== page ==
There is pregap hidden track on Think Tank called ‘Me, White Noise’ and you can only listen to it be rewinding the album BEFORE the first track. A genius way to hide a song. It features Phil Daniels on vocals (Parklife) and is one of the only Blur song to feature swearing. Apparently it was written and recorded in a drunken haze in Devon. It’s so different to anything Blur have ever done, but it’s fantastic.

The Think Tank b-sides are also worth listening to. They include three more tracks that Coxon featured on which are ‘The Outsider’, ‘Morricone’ and the stunning ‘Some Glad Morning’ which I think should have been an album track. The other b-sides are ‘Don’t Be’, ‘Money Makes Me Crazy’, ‘Tune 2’, ‘Colours’ and an alternate version of ‘Me, White Noise’ with Albarn on vocals. There were a vast quantity of songs recorded in the sessions for the album which apparently numbered into the 40’s. A pity less than half have been released.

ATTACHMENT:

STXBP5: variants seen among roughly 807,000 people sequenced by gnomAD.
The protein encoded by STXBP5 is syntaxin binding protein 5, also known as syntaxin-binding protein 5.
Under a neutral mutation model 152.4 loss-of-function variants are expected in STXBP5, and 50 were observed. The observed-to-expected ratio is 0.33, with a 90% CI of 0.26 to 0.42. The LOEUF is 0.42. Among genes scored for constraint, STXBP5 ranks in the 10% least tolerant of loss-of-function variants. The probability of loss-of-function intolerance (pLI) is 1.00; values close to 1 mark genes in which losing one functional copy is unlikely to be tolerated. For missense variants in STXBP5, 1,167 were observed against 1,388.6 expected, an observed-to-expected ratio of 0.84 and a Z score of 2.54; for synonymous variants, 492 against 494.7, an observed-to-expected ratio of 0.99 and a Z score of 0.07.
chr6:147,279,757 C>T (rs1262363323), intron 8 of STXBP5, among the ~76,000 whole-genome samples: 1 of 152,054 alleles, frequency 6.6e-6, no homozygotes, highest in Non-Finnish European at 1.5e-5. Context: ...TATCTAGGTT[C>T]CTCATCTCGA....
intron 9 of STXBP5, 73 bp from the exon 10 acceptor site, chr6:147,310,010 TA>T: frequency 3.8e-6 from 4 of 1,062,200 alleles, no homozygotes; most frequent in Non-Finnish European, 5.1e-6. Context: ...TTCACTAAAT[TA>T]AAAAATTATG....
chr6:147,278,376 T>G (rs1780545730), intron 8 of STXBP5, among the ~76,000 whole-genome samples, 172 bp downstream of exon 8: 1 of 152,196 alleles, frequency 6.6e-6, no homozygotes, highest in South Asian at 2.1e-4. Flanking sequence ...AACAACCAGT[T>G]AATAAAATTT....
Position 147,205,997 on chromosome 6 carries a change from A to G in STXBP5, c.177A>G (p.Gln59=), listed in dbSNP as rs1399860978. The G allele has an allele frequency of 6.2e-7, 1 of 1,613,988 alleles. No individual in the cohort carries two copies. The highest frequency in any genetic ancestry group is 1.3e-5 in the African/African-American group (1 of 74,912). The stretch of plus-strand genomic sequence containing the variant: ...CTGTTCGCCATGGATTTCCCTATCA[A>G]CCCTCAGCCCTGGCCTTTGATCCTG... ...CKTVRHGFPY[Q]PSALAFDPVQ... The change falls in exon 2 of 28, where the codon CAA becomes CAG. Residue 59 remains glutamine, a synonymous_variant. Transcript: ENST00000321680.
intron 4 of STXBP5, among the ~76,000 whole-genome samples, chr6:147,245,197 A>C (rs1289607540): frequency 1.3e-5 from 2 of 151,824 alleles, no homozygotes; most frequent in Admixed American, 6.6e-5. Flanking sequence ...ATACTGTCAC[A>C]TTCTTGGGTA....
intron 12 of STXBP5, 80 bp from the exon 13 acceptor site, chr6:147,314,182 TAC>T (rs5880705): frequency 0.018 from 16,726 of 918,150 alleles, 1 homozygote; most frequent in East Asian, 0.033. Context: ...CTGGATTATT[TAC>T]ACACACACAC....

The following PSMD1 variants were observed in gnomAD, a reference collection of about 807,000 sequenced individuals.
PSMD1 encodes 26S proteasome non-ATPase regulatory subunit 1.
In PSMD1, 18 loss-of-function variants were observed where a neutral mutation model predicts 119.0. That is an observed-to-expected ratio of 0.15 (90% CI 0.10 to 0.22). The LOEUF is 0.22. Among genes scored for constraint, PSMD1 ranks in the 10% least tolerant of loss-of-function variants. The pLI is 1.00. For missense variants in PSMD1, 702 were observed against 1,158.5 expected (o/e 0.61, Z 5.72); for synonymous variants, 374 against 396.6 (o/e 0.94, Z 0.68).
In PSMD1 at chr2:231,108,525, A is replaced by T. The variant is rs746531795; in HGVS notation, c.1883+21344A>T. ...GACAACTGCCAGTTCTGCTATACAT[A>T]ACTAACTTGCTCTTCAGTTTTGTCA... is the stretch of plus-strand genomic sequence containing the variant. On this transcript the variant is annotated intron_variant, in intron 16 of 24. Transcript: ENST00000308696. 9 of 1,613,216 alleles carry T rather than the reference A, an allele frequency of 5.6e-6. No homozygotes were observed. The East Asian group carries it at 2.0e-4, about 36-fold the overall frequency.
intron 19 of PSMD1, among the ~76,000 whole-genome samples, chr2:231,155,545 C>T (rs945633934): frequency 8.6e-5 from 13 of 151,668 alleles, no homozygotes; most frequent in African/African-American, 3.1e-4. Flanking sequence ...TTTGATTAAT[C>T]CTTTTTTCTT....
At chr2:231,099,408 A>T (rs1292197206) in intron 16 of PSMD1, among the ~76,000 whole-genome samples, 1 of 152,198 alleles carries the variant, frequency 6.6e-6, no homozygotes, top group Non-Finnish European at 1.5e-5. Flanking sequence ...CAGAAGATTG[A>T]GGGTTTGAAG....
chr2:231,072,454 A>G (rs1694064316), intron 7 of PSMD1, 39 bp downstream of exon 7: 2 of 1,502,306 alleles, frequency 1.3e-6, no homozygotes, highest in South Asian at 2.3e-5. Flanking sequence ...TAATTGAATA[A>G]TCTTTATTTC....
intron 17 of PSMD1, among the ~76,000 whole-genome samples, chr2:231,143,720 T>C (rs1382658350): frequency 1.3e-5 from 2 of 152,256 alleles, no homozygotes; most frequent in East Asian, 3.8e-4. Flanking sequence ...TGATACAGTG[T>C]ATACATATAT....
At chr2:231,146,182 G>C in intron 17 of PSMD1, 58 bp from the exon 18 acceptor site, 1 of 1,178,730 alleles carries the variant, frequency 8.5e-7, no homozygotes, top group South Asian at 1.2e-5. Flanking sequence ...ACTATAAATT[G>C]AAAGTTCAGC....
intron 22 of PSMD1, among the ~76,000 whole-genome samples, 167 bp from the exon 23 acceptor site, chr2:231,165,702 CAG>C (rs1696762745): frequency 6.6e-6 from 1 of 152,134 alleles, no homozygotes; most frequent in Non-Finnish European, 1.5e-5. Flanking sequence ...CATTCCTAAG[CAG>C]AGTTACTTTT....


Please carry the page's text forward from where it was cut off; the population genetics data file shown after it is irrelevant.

Some say Think Tank is more of a Gorillaz album than a Blur album due to Albarn being more in control of the whole process than on any of their previous records. But it’s definitely a Blur album, you can just hear it. I was lucky enough to see Blur play reunion shows in 2009 when Coxon came back to the band, and they even played ‘Battery In Your Leg’ at one of them. But just the once. It was fantastic. However if they ever play live again I highly doubt any of the tracks on Think Tank will be included in sets. Blur fans see it as a very dark period in the bands history, as do the band themselves. But it’s a great album if you put everything aside and I thoroughly recommend it.